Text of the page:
As always, all book recommendations for the future are welcome!

Recent Reads

The 50 Book Challenge is still going strong, and I am still on well track to reaching that target by the end of the year. As with my last ‘recent reads‘ post recently, here are 4 small reviews of some of the books I’ve read during the challenge so far.

The Odyssey by Homer
This was the first text that I had to read for my University course this year, and boy was it a heavy one. It follows the story of Odysseus as he makes his way home after an epic journey in which he gets kidnapped by the goddess Calypso and is stranded on an Island. It was definitely not a book that I would have picked up on my own due to the scale of it, despite my fascination with ancient Greek mythology. I am glad that I read it though because it was an interesting book and although not one that I would call a page turner, it was definitely interesting.

The Lovely Bones by Alice Sebold
This book was a re-read for me. I had originally borrowed it from a friend a couple of years back but then I saw the a copy on the shelf at a second hand book store recently and decided to buy it for myself. I love this book. Basically, it’s the story of a teenage girl named Susie Salmon who is murdered in her hometown in the 1970s. The book then goes on to describe the stages of grief that her family and friends go through after her death, all of which is observed by Susie from her own little patch of heaven. The story itself and the way it is told is absolutely heartbreaking, but ultimately hopeful. I would recommend this book to anyone who needs a good cry.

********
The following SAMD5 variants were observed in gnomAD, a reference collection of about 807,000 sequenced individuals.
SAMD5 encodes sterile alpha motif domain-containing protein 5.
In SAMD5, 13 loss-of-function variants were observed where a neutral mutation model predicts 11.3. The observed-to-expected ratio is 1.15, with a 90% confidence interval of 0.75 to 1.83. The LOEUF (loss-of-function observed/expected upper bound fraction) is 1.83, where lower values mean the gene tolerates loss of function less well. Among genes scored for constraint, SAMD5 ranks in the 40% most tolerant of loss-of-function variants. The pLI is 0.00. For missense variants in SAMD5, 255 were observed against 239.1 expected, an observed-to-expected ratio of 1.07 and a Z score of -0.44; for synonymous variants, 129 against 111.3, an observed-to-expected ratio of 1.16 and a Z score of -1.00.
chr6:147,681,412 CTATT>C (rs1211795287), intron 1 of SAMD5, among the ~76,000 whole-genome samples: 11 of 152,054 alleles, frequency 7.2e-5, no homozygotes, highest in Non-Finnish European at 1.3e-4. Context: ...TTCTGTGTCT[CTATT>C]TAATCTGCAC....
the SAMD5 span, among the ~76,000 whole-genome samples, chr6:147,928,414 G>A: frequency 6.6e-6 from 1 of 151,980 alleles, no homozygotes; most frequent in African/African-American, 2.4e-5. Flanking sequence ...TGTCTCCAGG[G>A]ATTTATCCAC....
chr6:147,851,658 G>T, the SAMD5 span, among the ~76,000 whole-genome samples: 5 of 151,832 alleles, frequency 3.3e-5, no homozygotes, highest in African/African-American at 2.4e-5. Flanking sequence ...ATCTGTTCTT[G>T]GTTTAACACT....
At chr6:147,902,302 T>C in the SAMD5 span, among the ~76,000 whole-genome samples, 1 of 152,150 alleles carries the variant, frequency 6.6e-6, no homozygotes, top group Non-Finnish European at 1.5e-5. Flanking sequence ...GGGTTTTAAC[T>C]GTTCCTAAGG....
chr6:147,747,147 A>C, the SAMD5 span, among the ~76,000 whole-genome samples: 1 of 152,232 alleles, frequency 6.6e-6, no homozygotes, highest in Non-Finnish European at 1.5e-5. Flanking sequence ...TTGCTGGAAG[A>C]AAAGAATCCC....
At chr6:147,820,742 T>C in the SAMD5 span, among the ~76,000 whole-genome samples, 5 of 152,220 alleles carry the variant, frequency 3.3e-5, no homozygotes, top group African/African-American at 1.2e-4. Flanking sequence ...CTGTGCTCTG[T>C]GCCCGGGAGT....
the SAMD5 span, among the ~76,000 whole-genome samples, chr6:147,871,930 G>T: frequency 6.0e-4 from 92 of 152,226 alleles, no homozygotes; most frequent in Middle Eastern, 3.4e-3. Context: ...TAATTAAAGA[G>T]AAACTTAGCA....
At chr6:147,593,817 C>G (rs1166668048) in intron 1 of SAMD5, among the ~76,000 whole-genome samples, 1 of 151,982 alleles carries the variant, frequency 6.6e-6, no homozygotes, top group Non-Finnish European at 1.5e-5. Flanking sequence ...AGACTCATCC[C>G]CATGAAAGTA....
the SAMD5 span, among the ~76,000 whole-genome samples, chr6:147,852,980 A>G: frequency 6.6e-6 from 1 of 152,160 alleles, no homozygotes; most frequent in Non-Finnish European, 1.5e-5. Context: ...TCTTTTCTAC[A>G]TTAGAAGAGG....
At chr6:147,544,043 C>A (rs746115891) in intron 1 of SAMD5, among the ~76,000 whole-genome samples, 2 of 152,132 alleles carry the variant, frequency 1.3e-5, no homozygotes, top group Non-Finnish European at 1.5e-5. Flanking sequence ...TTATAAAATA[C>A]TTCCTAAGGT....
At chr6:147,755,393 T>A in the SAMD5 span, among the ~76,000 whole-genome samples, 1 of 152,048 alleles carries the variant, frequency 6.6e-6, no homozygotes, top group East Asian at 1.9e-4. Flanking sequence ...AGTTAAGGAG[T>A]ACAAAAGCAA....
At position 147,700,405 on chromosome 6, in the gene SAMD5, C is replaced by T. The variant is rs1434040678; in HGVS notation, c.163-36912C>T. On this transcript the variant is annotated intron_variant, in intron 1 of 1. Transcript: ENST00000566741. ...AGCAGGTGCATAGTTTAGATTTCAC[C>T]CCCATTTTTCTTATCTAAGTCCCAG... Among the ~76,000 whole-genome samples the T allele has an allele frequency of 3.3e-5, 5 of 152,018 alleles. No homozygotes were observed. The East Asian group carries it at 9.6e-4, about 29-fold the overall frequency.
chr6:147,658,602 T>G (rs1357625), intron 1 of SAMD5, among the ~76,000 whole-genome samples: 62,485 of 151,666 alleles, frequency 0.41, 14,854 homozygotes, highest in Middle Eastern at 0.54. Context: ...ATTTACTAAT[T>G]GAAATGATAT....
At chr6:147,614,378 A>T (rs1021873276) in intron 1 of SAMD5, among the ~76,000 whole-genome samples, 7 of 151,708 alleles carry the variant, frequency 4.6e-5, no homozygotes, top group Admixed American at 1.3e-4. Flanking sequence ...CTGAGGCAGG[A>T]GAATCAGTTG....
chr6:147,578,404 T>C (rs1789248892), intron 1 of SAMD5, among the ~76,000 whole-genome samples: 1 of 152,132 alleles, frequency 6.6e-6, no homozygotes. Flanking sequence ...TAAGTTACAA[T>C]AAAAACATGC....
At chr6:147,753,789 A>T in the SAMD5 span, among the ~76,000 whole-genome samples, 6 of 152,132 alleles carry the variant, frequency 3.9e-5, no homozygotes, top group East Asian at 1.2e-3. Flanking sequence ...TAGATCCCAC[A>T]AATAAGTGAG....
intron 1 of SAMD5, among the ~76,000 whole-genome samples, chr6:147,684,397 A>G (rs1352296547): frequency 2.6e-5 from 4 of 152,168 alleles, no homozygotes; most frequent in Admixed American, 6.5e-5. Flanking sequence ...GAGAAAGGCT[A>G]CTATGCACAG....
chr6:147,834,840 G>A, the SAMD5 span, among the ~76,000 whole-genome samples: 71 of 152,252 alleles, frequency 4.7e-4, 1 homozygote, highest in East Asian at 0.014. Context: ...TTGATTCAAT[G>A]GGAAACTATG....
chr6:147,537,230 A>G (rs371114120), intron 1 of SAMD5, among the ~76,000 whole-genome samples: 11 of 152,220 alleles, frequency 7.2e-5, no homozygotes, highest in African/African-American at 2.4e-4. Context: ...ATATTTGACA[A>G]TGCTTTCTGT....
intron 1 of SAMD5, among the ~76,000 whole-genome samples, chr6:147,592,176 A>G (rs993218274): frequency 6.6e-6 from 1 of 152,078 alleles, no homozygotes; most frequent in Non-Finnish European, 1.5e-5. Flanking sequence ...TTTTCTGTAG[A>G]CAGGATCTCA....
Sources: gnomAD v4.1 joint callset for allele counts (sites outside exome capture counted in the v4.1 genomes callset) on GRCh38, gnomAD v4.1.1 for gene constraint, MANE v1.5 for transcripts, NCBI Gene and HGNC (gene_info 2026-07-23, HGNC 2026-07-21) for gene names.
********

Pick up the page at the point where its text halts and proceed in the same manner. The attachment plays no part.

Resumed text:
The Woman In Black by Susan Hill
This book was recommended to me by a reader and I really enjoyed it, so thankyou Tonile! It’s an old-school ghost story that left me feeling unsettled and chilled on finishing the book. I won’t go into too much detail because I don’t want to give too much away, but it is a very subtle sort of story so if you’re into gore and hardcore ghosty thrills this probably isn’t for you. Interesting fact: they are making a film of this book starring my imaginary boyfriend (#56) Daniel Radcliffe. Exciting!

The Dead Tossed Waves by Carrie Ryan
This is book two in the ‘Forest of Hands & Teeth’ series about zombies (or as they’re called in these books – The Unconsecrated). I preferred this book to the first in the series, which I think is mostly due to the fact that the female protagonist didn’t annoy me as much. A lot of the questions that I had on completing book one were explained and wrapped up in book two, so I was happy about that. This book follows the story of Gabrielle, another young girl facing life in the future world infested with the undead. I won’t go into too much detail as this is a follow up book in a series and I don’t want to post any spoilers for those who’ve not read book one yet…

As always, hit me with your book suggestions if you’ve got them!